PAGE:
Ottavia Maria Maceratini
Ottavia Maria Maceratini was born in Recanati, Italy, in 1986. She took her first piano lessons with Ermanno Beccacece at the age of five at the ‘Civica Scuola di Musica Beniamino Gigli’ in Recanati. Between 1997 and 2005, she was a student of Maestro Lorenzo di Bella. She graduated from the Italian Conservatoire with the highest grade. From 2005, she was studying at the University of Music and Performing Arts in Munich with Prof. Elisso Wirssaladze to whom she owes her refinement as a pianist. She completed her postgraduate Master Class degree in June 2010. Since 2010, she has been preparing her programmes with the conductor Christoph Schlüren.
She is the First Prize winner of 28 Italian piano competitions.
In 2003, she won the ‘Premio delle Arti’ prize competition offered by the Ministry of Education to all Italian conservatoires, and appeared in Rome at the ‘Auditorium Santa Cecilia’.
She has given concerts with various orchestras and performed as a soloist, inter alia, in Rome, Milan, Munich, Berlin, Verona, Tbilisi, and Florence.
In June 2012, she was chosen as pianist for ‘Chamber Music Connects the World’ in Kronberg and performed, amongst others, with Gidon Kremer and Steven Isserlis. On 7th July 2012, she gave her debut with the Munich Chamber Orchestra performing Mozart’s Piano Concerto in C major KV 415 at the Oleg Kagan Music Festival in Kreuth. On 13th October 2012, she made a debut stepping in for Anna Gourari at Elmau Castle. On 28th February 2013, she performed at a state reception hosted by the German Federal President Joachim Gauck for the Italian President Giorgio Napolitano at Bellevue Palace in Berlin. And in July 2013, she played as a soloist at the Schleswig-Holstein Music Festival with the KremerataBaltica and Gidon Kremer.
In a review of her performance of Mozart’s Piano Concerto in A major KV 488 with the Bad Reichenhall Philharmonic Orchestra conducted by Thomas J. Mandl, published in the Reichenhall daily paper ReichenhallerTagblatt, it said, inter alia: “(…) As a musician, she impressed with her amazing maturity, expressed not only in the refinement of sound, virtuosic brilliance and an extraordinary awareness of phrasing and articulation, but also in her calm and light appearance. At the same time, her overwhelming and sweeping energy, felt throughout the entire piece, makes her approach the piano like a lion and unleashes such elemental forces in Mozart’s music which refute any stereotypes but, indeed, go hand in hand with great delicateness and always preserve their transparency and clear structure. What makes stand out Maceratini’s play from the conventions of our time is the incredibly agile and weightless art of articulating which is never sacrificed to the natural primitiveness of accentuating the main beats. (…)”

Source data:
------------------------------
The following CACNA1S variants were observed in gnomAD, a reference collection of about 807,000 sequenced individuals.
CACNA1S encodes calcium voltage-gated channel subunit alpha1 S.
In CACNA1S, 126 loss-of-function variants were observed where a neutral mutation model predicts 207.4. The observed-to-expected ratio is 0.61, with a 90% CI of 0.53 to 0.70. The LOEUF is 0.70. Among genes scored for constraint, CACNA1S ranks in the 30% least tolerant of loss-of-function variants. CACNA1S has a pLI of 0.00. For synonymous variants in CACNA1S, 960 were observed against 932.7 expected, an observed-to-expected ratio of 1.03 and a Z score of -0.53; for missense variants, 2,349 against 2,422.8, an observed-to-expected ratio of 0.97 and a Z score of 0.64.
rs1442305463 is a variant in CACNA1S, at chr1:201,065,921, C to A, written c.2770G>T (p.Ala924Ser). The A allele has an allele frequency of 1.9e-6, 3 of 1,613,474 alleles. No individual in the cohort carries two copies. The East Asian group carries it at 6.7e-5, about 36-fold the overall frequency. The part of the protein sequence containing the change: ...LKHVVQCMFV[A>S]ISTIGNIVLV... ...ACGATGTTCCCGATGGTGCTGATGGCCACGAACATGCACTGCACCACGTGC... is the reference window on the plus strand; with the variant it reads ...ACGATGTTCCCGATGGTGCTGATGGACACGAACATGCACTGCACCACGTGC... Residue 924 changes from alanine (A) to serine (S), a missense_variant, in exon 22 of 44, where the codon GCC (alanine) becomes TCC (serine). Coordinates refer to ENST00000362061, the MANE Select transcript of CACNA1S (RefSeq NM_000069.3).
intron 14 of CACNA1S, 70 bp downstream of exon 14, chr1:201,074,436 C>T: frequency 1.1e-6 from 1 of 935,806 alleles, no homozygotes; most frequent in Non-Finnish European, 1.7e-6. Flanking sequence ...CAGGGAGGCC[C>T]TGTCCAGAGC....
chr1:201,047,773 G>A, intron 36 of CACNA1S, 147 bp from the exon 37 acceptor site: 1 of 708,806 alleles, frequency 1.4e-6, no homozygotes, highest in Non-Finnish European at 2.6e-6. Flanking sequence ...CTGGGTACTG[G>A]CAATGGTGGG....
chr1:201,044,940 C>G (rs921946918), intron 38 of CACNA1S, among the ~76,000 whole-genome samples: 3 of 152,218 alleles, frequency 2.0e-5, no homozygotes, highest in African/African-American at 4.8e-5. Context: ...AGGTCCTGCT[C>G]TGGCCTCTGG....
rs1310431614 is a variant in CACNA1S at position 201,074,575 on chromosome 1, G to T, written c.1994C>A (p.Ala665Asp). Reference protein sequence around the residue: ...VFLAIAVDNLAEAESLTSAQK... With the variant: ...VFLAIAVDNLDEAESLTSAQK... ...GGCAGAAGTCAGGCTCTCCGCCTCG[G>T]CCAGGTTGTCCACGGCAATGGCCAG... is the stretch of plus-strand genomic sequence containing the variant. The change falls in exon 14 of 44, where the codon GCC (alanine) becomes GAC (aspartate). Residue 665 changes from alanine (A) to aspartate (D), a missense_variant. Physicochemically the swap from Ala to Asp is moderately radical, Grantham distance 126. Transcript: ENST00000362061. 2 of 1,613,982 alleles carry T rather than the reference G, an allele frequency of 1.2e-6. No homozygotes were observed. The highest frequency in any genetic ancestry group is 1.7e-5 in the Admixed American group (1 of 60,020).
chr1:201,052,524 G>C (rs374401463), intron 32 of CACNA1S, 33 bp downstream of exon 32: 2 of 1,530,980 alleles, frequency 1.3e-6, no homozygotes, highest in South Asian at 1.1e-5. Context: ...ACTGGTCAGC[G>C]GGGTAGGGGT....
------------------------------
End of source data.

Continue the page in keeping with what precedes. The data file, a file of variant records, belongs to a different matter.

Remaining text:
In November 2011, she recorded her debut CD ‘One Cut’ on which the most diverse styles and expressive spectra, ranging from the Baroque period up to the 20th century, are related to each other in a highly diversified programme. The album includes the world premiere recording of Heinz Tiessen’s ‘Notturno tempestoso’ and received ecstatic reviews, inter alia, in the Frankfurt daily paper Frankfurter Allgemeine Zeitung, the Bavarian broadcaster Bayerischer Rundfunk and the Austrian broadcaster ORF, as well as in the specialised media, such as Fono Forum, Crescendo, Klassik heute, or klassik.com.
In her second CD ‘Untitled’, recorded in May 2012, she contrasts three of Robert Schumann’s main works with two French bird miniatures by Rameau and Ravel. ‘Untitled’, inter alia, was highly recommended by the Central German broadcaster Mitteldeutscher Rundfunk and the Munich daily paper Münchner tz (‘Rose of the Week’), was entered in the Best Albums of the Year by the critics of the professional music journal NMZ, and was also nominated for the ICMA (International Classical Music Award) 2013.
Along with playing music, Ottavia Maria Maceratini pursues yet another passion: Bujinkan, Japanese martial arts, which also includes sword fighting. She likes contrasting in her recital and CD programmes the great classics with unknown masterpieces in a most surprising and dramaturgically convincing manner. As a musician, she always seeks to combine content and form into a coherent experience in which structure and expression blend to form an inseparable unity. At the same time, music is to her a constant new encounter with the unknown, a continuous adventure requiring that full risks be assumed to make sure that the sound will be the same the hundredth time as if it had just arisen for the first time.